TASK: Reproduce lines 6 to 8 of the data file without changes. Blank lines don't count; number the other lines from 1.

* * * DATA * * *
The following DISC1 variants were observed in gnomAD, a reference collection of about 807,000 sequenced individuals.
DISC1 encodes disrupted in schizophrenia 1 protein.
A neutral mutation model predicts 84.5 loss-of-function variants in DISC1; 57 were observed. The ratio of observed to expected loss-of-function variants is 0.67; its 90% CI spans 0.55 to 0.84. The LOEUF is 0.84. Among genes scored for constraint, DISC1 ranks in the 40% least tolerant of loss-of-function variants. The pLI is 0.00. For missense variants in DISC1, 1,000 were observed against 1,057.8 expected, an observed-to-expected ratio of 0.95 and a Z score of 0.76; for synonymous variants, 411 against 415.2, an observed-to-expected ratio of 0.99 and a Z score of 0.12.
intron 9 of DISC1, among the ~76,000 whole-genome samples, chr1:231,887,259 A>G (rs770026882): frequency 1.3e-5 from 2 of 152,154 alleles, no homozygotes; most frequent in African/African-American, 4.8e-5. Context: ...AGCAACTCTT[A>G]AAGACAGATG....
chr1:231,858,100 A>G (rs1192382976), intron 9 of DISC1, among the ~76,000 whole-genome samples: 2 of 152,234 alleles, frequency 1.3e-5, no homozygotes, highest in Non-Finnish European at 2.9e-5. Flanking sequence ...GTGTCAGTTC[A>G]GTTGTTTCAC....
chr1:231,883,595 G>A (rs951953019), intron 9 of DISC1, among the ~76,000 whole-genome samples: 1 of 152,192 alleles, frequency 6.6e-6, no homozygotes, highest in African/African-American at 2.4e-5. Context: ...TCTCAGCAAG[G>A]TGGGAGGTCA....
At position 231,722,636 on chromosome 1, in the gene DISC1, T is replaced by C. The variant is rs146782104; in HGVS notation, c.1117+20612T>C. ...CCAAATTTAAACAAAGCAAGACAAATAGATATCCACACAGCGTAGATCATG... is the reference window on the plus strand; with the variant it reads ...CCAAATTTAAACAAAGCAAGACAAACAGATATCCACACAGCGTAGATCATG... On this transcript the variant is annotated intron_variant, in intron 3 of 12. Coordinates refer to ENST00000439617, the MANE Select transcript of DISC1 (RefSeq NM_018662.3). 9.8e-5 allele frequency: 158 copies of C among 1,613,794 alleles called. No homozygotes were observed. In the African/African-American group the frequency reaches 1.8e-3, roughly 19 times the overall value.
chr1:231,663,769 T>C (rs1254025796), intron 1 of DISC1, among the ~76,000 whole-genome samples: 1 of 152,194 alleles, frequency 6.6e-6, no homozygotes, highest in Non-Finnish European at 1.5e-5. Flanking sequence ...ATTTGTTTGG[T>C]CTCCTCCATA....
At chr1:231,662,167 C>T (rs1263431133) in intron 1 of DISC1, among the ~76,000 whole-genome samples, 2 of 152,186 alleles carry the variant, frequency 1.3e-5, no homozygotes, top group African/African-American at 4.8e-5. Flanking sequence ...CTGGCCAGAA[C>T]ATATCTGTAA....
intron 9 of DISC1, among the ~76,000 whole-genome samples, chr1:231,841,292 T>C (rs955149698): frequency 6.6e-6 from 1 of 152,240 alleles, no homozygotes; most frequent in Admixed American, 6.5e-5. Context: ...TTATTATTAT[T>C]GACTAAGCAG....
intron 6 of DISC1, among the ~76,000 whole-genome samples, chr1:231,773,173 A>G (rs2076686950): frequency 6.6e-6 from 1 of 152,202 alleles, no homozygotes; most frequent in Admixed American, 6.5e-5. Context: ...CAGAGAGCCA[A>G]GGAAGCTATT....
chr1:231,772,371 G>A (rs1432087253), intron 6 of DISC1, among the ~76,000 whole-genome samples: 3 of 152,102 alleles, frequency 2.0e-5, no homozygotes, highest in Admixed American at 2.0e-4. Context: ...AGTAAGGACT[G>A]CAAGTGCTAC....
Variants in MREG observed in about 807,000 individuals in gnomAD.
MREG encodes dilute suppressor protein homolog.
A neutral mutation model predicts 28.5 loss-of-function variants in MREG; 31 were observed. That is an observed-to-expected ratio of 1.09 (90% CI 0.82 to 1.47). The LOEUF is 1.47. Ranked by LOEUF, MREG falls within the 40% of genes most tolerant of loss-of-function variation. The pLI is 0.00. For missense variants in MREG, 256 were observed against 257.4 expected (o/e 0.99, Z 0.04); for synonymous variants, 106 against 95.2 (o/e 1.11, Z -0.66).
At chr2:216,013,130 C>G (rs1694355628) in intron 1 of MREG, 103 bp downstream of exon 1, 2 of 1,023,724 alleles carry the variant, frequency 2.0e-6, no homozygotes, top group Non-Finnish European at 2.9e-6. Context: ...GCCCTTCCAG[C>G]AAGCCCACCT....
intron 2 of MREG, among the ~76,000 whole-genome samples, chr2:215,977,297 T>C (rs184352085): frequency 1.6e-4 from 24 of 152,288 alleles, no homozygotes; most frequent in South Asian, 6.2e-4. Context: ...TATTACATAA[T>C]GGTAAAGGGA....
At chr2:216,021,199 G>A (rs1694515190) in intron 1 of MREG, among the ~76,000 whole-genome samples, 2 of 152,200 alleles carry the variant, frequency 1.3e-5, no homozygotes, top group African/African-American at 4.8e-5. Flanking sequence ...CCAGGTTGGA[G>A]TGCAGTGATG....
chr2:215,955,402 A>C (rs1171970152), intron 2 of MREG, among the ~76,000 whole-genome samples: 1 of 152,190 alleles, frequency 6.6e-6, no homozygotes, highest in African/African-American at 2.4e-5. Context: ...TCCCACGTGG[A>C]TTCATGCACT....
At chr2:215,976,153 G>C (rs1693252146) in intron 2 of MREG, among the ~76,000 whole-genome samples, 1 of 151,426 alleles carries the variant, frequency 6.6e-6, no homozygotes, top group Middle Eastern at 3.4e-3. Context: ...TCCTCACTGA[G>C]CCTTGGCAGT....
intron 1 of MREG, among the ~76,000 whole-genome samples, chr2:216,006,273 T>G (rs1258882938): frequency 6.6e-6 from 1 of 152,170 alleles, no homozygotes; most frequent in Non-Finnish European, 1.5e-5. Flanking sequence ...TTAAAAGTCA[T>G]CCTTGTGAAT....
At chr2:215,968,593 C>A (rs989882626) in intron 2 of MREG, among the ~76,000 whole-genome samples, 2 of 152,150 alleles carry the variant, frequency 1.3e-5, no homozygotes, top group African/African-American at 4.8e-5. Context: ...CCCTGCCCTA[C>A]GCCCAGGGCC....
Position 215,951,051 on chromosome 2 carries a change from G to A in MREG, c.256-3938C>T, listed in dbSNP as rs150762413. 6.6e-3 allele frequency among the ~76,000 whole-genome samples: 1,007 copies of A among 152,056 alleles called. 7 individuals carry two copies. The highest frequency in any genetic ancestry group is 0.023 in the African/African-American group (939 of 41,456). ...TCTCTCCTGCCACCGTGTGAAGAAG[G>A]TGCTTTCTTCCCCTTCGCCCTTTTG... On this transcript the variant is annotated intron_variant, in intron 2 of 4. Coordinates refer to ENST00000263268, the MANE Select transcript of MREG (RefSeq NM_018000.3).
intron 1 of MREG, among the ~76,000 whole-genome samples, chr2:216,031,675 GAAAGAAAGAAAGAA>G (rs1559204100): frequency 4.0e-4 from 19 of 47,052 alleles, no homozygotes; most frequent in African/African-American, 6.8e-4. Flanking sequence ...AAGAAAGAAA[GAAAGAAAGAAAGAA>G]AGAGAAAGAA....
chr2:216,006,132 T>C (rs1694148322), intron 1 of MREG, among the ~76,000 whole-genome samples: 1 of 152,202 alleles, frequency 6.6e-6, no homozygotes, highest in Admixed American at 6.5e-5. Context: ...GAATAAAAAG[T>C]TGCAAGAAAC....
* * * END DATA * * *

chr1:231,883,595 G>A (rs951953019), intron 9 of DISC1, among the ~76,000 whole-genome samples: 1 of 152,192 alleles, frequency 6.6e-6, no homozygotes, highest in African/African-American at 2.4e-5. Context: ...TCTCAGCAAG[G>A]TGGGAGGTCA....
At position 231,722,636 on chromosome 1, in the gene DISC1, T is replaced by C. The variant is rs146782104; in HGVS notation, c.1117+20612T>C. ...CCAAATTTAAACAAAGCAAGACAAATAGATATCCACACAGCGTAGATCATG... is the reference window on the plus strand; with the variant it reads ...CCAAATTTAAACAAAGCAAGACAAACAGATATCCACACAGCGTAGATCATG... On this transcript the variant is annotated intron_variant, in intron 3 of 12. Coordinates refer to ENST00000439617, the MANE Select transcript of DISC1 (RefSeq NM_018662.3). 9.8e-5 allele frequency: 158 copies of C among 1,613,794 alleles called. No homozygotes were observed. In the African/African-American group the frequency reaches 1.8e-3, roughly 19 times the overall value.
chr1:231,663,769 T>C (rs1254025796), intron 1 of DISC1, among the ~76,000 whole-genome samples: 1 of 152,194 alleles, frequency 6.6e-6, no homozygotes, highest in Non-Finnish European at 1.5e-5. Flanking sequence ...ATTTGTTTGG[T>C]CTCCTCCATA....